Hope Floats Down the Potomac
07/20/2011 10:42 am EST
The market turnaround based on signs of political compromise in Washington and Europe marks a rare display of optimism, writes MoneyShow.com senior editor Igor Greenwald.
What a difference 24 hours makes.
At midday Monday, the stock market was wearing prison stripes, wilting 1.5% under the hot noon sun on the assumption that its brief late-June parole had been revoked.
By Tuesday’s close, it was doing cartwheels and wondering who had written that crazy suicide note in its pocket.
Monday started with another bear raid on sinking Europe, progressed to talk about the lack of progress in Washington budget talks, and ended with economic forecasts cut, oil up, and gold at a record high.
But then came Tuesday, and the luck abruptly changed, and the condemned began pulling one “get out of jail” card after another from the stack.
It started with news that housing starts had hit a six-month high, a tentative sign that growing demand might soon put a floor under the housing market.
Then came the providential pie, transforming a parliamentary grilling of the Murdochs over the ugly phone-hacking scandal into the touching tale of a mugged octogenarian and the pretty wife leaping to his defense. News Corp (NWSA) shares bounced to the levels that prevailed last week, before a string of resignations and arrests.
The market got another boost after the closing bell, as Apple (AAPL), VMWare (VMW), and CSX (CSX) reinforced IBM’s (IBM) bullish profit news from the prior evening. The good results made Cisco Systems (CSCO), Bank of America (BAC), and Goldman Sachs (GS) look more like ne’er-do-wells than harbingers of profit doom.
The bulls felt another prod after lunch on Tuesday, on indications that the debt crises on both sides of the Atlantic were moving a step closer to resolution.
There was the call that President Obama placed to German Chancellor Angela Merkel ahead of Thursday’s European summit. Merkel is under swelling pressure, at home and abroad, to start worrying less about the bottom line and more about saving European unity.
The International Monetary Fund has come out strongly in favor of an expanded bailout fund finally authorized to buy sovereign European bonds below face value. And the older generation of German conservatives who unified Germany is grumbling pretty loudly that Merkel lacks vision, and might soon find herself alone at the center of a broken economic bloc.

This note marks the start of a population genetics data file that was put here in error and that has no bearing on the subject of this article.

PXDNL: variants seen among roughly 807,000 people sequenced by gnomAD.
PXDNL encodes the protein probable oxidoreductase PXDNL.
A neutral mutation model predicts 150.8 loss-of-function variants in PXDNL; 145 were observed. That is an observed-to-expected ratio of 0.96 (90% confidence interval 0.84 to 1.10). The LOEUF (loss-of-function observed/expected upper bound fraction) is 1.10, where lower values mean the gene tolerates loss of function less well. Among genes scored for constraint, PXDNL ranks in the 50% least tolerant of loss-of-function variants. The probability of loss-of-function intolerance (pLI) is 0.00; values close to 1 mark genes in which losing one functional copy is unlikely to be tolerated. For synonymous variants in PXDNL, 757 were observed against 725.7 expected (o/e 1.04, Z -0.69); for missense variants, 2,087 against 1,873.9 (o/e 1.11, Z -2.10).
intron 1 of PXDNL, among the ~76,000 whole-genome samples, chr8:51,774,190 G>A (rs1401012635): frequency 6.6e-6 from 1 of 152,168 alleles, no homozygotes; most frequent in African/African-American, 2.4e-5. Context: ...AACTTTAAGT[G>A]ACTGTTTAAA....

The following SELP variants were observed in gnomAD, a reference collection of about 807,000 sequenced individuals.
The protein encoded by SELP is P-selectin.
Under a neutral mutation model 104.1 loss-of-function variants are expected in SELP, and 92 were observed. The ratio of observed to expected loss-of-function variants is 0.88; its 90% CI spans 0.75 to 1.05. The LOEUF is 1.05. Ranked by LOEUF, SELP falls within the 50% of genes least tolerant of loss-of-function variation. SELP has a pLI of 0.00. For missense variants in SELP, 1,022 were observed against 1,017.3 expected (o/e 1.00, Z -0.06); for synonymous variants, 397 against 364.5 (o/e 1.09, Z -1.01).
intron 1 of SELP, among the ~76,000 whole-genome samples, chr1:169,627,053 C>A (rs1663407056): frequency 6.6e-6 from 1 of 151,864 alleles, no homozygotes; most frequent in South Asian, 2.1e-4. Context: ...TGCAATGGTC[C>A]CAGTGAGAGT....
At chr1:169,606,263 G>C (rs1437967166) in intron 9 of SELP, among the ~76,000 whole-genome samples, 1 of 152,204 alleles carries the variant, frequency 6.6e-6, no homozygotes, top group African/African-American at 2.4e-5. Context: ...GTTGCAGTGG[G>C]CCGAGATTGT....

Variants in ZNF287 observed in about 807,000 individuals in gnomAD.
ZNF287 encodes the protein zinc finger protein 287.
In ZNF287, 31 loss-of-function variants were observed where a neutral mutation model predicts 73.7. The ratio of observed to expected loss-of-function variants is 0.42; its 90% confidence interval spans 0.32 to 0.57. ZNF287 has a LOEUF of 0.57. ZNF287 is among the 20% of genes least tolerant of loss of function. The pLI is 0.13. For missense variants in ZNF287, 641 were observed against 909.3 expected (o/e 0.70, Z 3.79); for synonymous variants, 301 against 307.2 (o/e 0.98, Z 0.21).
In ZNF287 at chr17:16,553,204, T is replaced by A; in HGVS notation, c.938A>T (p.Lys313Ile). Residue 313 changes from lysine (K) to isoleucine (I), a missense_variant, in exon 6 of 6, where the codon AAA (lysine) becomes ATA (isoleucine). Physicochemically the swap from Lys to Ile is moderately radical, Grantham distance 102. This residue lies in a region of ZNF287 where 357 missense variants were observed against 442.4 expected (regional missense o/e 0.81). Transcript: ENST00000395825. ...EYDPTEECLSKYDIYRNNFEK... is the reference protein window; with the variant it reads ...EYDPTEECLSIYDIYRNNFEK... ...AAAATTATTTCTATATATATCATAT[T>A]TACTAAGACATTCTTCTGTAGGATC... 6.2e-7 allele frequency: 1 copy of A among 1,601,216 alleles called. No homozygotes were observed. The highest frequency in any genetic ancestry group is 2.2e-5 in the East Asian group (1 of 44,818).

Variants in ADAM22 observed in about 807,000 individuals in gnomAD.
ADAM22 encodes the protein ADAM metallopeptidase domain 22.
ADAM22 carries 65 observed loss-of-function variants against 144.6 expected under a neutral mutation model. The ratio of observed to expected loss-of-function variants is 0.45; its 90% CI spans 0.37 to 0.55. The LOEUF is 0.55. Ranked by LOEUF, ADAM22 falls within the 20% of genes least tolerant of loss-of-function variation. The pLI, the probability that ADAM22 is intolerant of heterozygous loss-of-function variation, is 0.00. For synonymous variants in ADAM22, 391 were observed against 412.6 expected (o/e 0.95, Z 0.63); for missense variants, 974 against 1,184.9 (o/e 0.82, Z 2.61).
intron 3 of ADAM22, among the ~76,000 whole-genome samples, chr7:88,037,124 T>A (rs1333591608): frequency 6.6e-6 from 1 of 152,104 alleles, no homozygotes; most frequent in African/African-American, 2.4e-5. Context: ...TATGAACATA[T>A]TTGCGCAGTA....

There was movement in Washington, DC as well, as Senate moderates seized the initiative, offering a face-saving way out of an impasse between House Republicans and the Obama Administration.
Never mind that the compromise pushed by the “Gang of Six” is not so much a plan, much less legislation, as a napkin sketch of the budget policies meant to prevail over the next decade, subject to agreement by future presidents and Congresses, of course.
Never mind that the sketch’s deficit-cutting ambitions and tolerance for new revenue roughly matched those already outlined in the recently derailed talks led by the Vice President.
What mattered was the new spirit of compromise in the air. It suggested that everyone who was anyone was now looking for the votes to raise the dreaded debt ceiling. Such headhunting expeditions usually pan out.
As someone who’s been bullish for months on techs like Apple and Dell (DELL) and a lot longer than that on commodity shares, I’m as heartened as anyone by the turnaround.
I think that the housing-starts number hints at the economy’s ace in the hole, which is simply the passage of time. Time can heal many self-inflicted wounds, and gradually restore demand for housing, stocks, and even labor.
But I do wonder how stocks will fare in a few weeks, when the reassuring drumbeat of corporate results gives way to less cheerful noises from the struggling broader economy. And when I think of all the ways the politicians could still seize disaster from the jaws of normality, the mind boggles.
There is obvious value in equities right now. But they’re cheap for a reason, and not out of the woods by a long shot. As the averages edge closer to the post-crash highs, it’s time to wonder what might get them up and over.
More jobs and stronger house prices might do the trick. Strong earnings may not—that card is already lying face up on the board.